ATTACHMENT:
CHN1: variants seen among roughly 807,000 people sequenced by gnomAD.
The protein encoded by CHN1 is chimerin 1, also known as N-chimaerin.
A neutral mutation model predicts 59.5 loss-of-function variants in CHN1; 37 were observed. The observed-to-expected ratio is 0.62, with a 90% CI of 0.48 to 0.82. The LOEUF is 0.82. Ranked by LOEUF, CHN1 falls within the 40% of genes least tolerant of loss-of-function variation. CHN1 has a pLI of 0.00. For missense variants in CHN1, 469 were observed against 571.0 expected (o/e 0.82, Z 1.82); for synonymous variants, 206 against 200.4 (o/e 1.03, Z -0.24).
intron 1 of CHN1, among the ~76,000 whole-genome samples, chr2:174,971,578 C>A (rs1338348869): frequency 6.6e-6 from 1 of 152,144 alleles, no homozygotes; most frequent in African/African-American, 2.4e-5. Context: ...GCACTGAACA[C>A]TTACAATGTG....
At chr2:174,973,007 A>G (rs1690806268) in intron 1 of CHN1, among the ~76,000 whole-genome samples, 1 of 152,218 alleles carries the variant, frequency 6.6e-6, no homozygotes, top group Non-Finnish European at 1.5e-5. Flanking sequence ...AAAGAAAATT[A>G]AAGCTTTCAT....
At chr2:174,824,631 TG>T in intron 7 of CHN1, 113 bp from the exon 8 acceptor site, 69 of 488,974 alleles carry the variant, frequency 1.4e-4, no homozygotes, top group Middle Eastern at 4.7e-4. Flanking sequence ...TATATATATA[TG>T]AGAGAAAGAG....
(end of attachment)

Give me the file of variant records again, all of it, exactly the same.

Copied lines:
CHN1: variants seen among roughly 807,000 people sequenced by gnomAD.
The protein encoded by CHN1 is chimerin 1, also known as N-chimaerin.
A neutral mutation model predicts 59.5 loss-of-function variants in CHN1; 37 were observed. The observed-to-expected ratio is 0.62, with a 90% CI of 0.48 to 0.82. The LOEUF is 0.82. Ranked by LOEUF, CHN1 falls within the 40% of genes least tolerant of loss-of-function variation. CHN1 has a pLI of 0.00. For missense variants in CHN1, 469 were observed against 571.0 expected (o/e 0.82, Z 1.82); for synonymous variants, 206 against 200.4 (o/e 1.03, Z -0.24).
intron 1 of CHN1, among the ~76,000 whole-genome samples, chr2:174,971,578 C>A (rs1338348869): frequency 6.6e-6 from 1 of 152,144 alleles, no homozygotes; most frequent in African/African-American, 2.4e-5. Context: ...GCACTGAACA[C>A]TTACAATGTG....
At chr2:174,973,007 A>G (rs1690806268) in intron 1 of CHN1, among the ~76,000 whole-genome samples, 1 of 152,218 alleles carries the variant, frequency 6.6e-6, no homozygotes, top group Non-Finnish European at 1.5e-5. Flanking sequence ...AAAGAAAATT[A>G]AAGCTTTCAT....
At chr2:174,824,631 TG>T in intron 7 of CHN1, 113 bp from the exon 8 acceptor site, 69 of 488,974 alleles carry the variant, frequency 1.4e-4, no homozygotes, top group Middle Eastern at 4.7e-4. Flanking sequence ...TATATATATA[TG>T]AGAGAAAGAG....